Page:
A bit further down the coast is the beach resort town of Laghi Alimini. It’s a bit over-developed for what we’re used to with the free and easy Aussie beaches, but the atmosphere on the beach here is amazing.

Even though it’s mid week and not even the start of the summer proper here, the beach is loaded with families and couples enjoying the sunny weather and clear, warm seawater.

The beach clubs that line a lot of Italy’s shorelines are often expensive and over-populated.

We’re not fans of the clubs, so we’ve popped to a little deli in a little town by the sea, bought a couple of prosciutto and cheese panini and a bottle of beer to share.

That’s the way to do it. Dangle your legs over the cliff and enjoy the Italian dolce vita.

Our AirBnB host in Lecce has put us onto this amazing place. Grotta della Poesia is a bit like the cenoté in Mexico – huge eroded holes in the bedrock where seawater has formed a natural swimming pool.

This area of Italy is famous for its cliff divers. I don’t know if the pros bother with this place, but the idea of jumping off a high cliff into water is obviously contagious.

Mrs Romance and I spend about an hour here photographing and videoing the locals leaping off into the water. It’s incredible and a lot of fun.

Our next stop is a place called Ciolo, where the waters from the Adriatic and the Ionian Seas begin mingle. The result – along with the soft limestone cliffs – make the water the most incredible clear blue.

Finally, we come to the town of Gallipoli. Don’t get confused with the Turkish coastal town that features so heavily in the Anzac WWI story.

This town was named Gallipoli by the Greeks – as in kalle polis or ‘beautiful city’.

It is indeed beautiful – these ramparts are the walls of the old town, which is set on an island right off the mainland, and is accessible only by bridge. In fact you can see part of the ‘new town’ in the distance, though even that’s got a Baroque feel to it.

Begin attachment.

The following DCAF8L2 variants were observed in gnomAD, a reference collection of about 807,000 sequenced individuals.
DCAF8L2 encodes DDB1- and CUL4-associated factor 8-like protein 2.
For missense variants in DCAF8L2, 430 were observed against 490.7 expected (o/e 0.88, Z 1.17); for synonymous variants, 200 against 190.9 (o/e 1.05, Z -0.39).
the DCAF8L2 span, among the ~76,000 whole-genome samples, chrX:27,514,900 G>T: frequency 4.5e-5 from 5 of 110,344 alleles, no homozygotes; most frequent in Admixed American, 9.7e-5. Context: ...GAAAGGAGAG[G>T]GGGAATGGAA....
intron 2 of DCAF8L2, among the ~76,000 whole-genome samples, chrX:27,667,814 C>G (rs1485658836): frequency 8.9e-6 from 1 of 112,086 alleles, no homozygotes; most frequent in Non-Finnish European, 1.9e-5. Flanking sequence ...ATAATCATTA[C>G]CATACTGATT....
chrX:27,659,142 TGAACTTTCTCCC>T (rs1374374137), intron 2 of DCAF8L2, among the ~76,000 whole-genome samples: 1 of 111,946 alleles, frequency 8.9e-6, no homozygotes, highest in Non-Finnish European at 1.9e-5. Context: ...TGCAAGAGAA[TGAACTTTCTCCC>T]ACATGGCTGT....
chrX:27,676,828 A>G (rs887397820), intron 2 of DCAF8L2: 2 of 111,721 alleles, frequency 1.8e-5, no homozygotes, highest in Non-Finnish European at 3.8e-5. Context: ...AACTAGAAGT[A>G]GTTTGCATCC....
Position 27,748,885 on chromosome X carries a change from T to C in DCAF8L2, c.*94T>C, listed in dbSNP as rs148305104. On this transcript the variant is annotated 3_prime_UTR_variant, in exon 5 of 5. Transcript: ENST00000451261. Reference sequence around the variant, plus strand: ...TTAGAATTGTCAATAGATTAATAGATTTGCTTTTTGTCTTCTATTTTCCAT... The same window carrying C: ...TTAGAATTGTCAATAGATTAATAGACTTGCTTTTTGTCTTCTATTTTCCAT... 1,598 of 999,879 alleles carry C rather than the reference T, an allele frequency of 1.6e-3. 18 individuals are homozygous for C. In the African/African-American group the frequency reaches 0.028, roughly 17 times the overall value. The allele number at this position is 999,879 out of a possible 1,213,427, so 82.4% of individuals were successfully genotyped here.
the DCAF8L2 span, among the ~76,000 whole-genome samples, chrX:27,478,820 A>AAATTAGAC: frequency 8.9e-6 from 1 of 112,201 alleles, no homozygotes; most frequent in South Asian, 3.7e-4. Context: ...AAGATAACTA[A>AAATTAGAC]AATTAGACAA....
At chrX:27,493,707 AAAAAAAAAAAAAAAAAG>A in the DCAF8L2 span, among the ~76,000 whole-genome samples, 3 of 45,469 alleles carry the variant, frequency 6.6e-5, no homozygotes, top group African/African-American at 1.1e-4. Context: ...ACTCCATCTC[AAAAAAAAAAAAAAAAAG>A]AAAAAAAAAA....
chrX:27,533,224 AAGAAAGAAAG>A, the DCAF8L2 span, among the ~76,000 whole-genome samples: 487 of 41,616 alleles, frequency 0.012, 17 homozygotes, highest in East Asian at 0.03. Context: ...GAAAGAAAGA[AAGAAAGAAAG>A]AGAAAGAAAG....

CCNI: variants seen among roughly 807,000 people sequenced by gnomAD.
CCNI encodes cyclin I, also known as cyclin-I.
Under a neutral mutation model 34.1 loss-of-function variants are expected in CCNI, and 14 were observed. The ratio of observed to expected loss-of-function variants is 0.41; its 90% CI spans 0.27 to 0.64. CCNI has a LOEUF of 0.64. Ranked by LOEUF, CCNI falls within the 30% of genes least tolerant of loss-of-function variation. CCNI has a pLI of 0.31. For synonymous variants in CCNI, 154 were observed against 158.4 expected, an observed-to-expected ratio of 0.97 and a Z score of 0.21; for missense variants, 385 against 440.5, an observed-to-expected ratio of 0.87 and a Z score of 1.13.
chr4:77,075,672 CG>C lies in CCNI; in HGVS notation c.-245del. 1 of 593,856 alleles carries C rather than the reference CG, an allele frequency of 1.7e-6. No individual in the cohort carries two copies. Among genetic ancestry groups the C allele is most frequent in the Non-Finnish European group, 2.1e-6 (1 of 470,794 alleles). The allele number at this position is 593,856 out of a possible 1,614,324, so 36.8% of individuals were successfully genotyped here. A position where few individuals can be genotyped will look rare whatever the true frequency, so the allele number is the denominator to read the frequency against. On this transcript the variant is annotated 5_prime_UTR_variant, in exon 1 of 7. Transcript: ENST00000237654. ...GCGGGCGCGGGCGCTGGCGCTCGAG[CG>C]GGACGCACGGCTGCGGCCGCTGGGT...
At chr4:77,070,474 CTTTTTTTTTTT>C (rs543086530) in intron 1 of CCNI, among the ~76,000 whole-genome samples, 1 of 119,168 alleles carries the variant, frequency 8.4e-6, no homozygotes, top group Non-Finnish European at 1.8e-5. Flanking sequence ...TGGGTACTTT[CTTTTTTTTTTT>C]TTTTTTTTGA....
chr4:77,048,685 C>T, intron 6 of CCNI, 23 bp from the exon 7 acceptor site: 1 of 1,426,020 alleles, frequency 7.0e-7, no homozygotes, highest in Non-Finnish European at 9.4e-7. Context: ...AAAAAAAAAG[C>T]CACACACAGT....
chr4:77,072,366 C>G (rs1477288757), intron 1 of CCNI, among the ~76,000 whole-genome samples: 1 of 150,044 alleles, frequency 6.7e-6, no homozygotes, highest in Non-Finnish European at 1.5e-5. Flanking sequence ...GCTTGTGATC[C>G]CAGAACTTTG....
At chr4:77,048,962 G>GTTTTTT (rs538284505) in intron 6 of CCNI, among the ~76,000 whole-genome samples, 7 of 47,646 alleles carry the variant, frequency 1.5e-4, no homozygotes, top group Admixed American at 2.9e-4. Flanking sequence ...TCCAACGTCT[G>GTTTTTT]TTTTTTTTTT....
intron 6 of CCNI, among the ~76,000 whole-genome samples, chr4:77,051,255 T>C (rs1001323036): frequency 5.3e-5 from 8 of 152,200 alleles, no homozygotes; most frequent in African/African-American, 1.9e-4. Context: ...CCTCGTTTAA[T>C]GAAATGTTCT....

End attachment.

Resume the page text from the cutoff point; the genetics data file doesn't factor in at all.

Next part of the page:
The first thing we do once we’ve checked into our hotel in Gallipoli old town is head out for a spritz. We’ve landed a table on the sea side of town at a bar called La Spingula or ‘The Spindle’.

Just across the road from the bar is a little place that makes fishing baskets and craft out of reeds. The tool the craftsmen use is called a spindle.

And here I am – across the road from La Spingula with our new friends Antonio, Luigi and Giovanni. We’re watching England play Germany in the under 21s quarter final. It’s not looking good.

Antonio, Luigi and Giovanni on the other hand aren’t doing too badly at all. Only Luigi is under 80… and he’s 79! Weaving fish baskets must be good for you!

Not to be outdone, Mrs Romance has found her own basket weaver. We didn’t catch this fella’s name, but he’s quite excellent.

Mrs R is having a go at weaving herself, though the spindle she’s got seems to take on a life of its own when he’s using it.

We love how friendly the locals are here in Gallipoli even though this place gets hammered every August with tourists. Perhaps because we’re here before the silly season, everyone’s in a better frame of mind.